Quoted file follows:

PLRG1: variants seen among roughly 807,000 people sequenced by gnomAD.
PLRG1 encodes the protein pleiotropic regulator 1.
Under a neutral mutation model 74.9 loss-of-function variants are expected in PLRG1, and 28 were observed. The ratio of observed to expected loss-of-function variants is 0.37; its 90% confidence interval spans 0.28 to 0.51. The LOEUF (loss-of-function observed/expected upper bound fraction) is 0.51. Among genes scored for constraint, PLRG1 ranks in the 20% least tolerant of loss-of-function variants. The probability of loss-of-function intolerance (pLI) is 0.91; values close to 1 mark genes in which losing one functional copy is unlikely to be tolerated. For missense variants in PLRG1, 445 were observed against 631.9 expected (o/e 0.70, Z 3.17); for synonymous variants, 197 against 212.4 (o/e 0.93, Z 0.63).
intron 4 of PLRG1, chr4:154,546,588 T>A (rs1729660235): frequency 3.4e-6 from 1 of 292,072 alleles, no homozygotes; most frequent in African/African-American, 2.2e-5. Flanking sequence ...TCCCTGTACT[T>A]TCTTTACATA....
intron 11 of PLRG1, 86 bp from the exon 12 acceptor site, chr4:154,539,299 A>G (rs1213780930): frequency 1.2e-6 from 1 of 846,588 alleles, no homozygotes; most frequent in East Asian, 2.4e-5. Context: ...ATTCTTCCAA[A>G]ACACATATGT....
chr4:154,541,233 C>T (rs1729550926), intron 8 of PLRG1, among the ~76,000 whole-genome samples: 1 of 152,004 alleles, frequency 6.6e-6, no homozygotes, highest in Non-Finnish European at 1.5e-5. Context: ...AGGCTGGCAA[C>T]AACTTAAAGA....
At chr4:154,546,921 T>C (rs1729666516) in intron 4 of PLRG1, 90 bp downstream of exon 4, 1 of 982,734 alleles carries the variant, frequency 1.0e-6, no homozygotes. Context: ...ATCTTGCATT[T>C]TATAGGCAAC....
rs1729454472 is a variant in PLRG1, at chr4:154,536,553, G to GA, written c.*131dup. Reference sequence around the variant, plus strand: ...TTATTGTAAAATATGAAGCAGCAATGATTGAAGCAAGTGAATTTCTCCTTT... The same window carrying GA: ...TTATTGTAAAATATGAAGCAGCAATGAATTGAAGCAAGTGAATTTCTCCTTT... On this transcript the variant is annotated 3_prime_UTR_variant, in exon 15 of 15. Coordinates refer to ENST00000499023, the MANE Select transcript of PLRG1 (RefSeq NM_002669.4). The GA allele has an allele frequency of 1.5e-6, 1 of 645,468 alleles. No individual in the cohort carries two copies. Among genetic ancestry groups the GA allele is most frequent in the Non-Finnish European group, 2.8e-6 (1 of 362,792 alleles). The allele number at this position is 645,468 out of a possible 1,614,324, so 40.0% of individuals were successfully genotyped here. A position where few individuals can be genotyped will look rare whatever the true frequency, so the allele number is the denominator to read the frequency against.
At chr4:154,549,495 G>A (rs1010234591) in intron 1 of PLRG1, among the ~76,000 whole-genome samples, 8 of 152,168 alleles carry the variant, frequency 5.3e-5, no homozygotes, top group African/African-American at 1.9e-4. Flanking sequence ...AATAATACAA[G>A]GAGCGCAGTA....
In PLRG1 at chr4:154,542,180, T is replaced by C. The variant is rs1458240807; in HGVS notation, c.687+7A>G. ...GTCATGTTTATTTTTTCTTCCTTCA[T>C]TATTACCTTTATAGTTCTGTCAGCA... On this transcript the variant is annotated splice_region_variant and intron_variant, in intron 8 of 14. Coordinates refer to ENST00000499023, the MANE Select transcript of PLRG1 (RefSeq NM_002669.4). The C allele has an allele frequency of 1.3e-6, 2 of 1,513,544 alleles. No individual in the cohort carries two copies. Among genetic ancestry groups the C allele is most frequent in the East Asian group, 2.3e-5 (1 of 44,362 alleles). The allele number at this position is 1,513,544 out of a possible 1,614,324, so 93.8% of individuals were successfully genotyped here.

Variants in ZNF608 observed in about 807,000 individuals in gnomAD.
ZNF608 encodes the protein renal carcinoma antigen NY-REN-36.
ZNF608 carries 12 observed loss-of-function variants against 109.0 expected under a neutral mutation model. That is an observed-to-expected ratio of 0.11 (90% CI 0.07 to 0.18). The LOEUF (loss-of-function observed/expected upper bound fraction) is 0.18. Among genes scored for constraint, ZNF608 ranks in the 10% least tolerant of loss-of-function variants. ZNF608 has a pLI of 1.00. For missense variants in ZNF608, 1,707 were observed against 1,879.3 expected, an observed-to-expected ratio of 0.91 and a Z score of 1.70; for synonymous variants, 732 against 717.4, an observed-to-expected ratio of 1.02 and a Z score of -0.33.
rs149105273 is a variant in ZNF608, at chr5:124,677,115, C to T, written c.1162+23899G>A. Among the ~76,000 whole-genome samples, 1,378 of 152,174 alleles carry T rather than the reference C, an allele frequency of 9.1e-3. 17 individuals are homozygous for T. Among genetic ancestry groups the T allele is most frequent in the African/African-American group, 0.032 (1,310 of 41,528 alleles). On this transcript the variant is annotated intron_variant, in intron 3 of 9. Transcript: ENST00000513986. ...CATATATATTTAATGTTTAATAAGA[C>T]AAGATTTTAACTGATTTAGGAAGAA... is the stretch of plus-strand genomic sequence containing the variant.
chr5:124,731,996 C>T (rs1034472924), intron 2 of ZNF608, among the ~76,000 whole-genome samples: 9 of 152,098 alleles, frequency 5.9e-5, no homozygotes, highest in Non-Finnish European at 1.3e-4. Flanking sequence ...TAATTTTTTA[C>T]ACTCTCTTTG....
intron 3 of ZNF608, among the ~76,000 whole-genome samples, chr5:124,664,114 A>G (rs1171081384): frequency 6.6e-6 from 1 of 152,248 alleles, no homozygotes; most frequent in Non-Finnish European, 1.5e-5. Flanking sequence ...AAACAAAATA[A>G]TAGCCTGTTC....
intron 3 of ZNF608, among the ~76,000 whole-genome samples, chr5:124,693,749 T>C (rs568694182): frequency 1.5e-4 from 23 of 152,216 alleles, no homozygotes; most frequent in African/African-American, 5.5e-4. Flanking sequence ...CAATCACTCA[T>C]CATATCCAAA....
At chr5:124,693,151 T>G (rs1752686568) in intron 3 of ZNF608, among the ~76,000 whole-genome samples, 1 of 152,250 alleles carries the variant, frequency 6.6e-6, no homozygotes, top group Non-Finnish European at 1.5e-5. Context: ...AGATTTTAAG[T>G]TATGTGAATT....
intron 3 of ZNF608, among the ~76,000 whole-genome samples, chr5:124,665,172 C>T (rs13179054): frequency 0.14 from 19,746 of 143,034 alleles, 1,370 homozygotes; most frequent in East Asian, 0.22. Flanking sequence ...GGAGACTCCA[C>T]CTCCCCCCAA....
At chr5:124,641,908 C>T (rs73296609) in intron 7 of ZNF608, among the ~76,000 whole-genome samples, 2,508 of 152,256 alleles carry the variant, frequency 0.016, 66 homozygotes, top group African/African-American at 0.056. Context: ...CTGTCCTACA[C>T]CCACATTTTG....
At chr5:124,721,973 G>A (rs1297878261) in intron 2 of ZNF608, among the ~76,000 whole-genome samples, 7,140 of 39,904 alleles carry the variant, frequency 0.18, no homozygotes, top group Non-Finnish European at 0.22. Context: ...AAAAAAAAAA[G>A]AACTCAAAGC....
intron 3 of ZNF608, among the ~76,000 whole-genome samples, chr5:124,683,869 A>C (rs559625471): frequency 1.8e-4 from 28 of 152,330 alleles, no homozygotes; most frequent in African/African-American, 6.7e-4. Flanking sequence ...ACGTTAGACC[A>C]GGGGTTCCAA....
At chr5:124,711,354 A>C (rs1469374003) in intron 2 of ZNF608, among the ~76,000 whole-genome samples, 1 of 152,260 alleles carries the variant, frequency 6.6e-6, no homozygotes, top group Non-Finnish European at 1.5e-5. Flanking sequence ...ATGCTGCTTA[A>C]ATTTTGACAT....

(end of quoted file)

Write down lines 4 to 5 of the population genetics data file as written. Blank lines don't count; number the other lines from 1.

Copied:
intron 4 of PLRG1, chr4:154,546,588 T>A (rs1729660235): frequency 3.4e-6 from 1 of 292,072 alleles, no homozygotes; most frequent in African/African-American, 2.2e-5. Flanking sequence ...TCCCTGTACT[T>A]TCTTTACATA....
intron 11 of PLRG1, 86 bp from the exon 12 acceptor site, chr4:154,539,299 A>G (rs1213780930): frequency 1.2e-6 from 1 of 846,588 alleles, no homozygotes; most frequent in East Asian, 2.4e-5. Context: ...ATTCTTCCAA[A>G]ACACATATGT....